Masterpost for Query Letters

Hey everyone, long time no post, right? I’ve been busy at Graduate school with my assistantship and my new internship.

However, through these opportunities and past ones, I’ve learned a lot about queries and how to write (and not write) them. Below, to help all of you writers out, I have collected a master post for query letters. That is, a bunch of links to click on that’ll take you to other posts that give you advice on how to query. 

So here we go:

Things I’ve also learned along the way:

  1. Publishing is a very small field. So, don’t be rude to anyone you meet. You might have to work with them in the future, or see them at conferences.
  2. FOLLOW THE RULES. I am bolding this because its so important. There are reasons why queries are a thing. There’s a reason behind the madness, I promise. However, if you don’t follow the submission guidelines given by an agent, they might not even look at your email.
  3. Don’t submit multiple novels in one email. Your query should only include one (1) novel that you are trying to sell to an agent.
    • You can tell the agent that there is series potential (meaning that the book is going to be one in a series, that’s fine. Just don’t try to clump all of them together.)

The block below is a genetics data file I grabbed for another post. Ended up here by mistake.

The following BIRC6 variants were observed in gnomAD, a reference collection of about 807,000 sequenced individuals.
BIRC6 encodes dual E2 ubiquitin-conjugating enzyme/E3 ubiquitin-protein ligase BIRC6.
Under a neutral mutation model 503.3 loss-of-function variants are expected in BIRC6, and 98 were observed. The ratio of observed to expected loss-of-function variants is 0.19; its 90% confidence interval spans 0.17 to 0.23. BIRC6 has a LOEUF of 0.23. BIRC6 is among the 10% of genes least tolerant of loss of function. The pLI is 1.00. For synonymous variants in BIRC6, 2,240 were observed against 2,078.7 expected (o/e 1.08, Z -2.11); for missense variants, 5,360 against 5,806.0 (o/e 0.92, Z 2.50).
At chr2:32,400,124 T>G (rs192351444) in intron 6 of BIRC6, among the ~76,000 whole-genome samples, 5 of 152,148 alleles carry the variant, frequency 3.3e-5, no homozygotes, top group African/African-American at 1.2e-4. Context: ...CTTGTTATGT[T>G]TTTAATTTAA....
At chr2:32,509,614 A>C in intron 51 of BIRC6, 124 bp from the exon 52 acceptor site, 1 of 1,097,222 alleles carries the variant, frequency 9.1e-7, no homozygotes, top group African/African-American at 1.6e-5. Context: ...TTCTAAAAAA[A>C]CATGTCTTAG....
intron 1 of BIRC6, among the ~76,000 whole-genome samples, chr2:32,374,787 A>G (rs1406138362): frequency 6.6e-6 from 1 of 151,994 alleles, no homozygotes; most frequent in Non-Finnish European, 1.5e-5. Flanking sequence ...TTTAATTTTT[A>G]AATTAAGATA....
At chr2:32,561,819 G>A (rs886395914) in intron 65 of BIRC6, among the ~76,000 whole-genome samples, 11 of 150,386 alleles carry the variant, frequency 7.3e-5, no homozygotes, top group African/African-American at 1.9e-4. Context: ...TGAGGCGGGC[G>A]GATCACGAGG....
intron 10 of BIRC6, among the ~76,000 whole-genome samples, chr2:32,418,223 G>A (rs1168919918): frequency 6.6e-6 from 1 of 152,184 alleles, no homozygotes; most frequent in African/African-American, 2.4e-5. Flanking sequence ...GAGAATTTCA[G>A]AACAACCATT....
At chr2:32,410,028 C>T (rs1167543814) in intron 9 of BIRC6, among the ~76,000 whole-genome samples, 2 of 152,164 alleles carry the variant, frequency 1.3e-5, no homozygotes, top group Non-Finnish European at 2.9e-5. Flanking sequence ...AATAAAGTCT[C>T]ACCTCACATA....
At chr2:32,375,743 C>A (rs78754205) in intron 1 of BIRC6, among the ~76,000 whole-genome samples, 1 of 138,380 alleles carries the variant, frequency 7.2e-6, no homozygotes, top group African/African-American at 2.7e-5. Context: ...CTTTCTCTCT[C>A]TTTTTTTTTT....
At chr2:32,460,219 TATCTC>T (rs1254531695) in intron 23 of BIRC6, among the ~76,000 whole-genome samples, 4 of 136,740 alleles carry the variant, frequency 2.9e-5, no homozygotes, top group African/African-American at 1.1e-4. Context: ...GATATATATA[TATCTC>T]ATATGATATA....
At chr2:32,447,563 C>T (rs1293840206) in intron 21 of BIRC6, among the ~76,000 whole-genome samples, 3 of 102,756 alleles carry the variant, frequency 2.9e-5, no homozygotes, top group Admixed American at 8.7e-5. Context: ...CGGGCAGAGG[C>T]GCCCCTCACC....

4. If you receive a rejection letter, you do not have to write a thank you email in response.
    • Some agents don’t like them and will just delete them, others like them, it all depends!
  5. Do not submit a query to an agent that has already rejected you unless it has gone through major revisions.
    • I mean major. Don’t just change one scene or a couple of sentences and then send it back.
      • Always follow the agent’s guidelines as well, some might not want to see something they already rejected.
  6. Look out for #querytips, #askagent, and #mswl on Twitter and utilize them to the best of your ability. There are tons of resources out there for writers who are looking for them.
    • Also there’s a great writing community on Twitter, so you should join just for that.


I’ll try to edit this as time goes on and find more query letter blog posts. Make sure that if you’re reading those posts, to leave a like to those authors who spent so much time writing it for their readers! Hopefully this post is beneficial to you all and you’ll be able to use it as it comes time for you to start querying. Let me know if it helps and if you want more posts like this in the future!

See you all in the next post,
The Written Adventure


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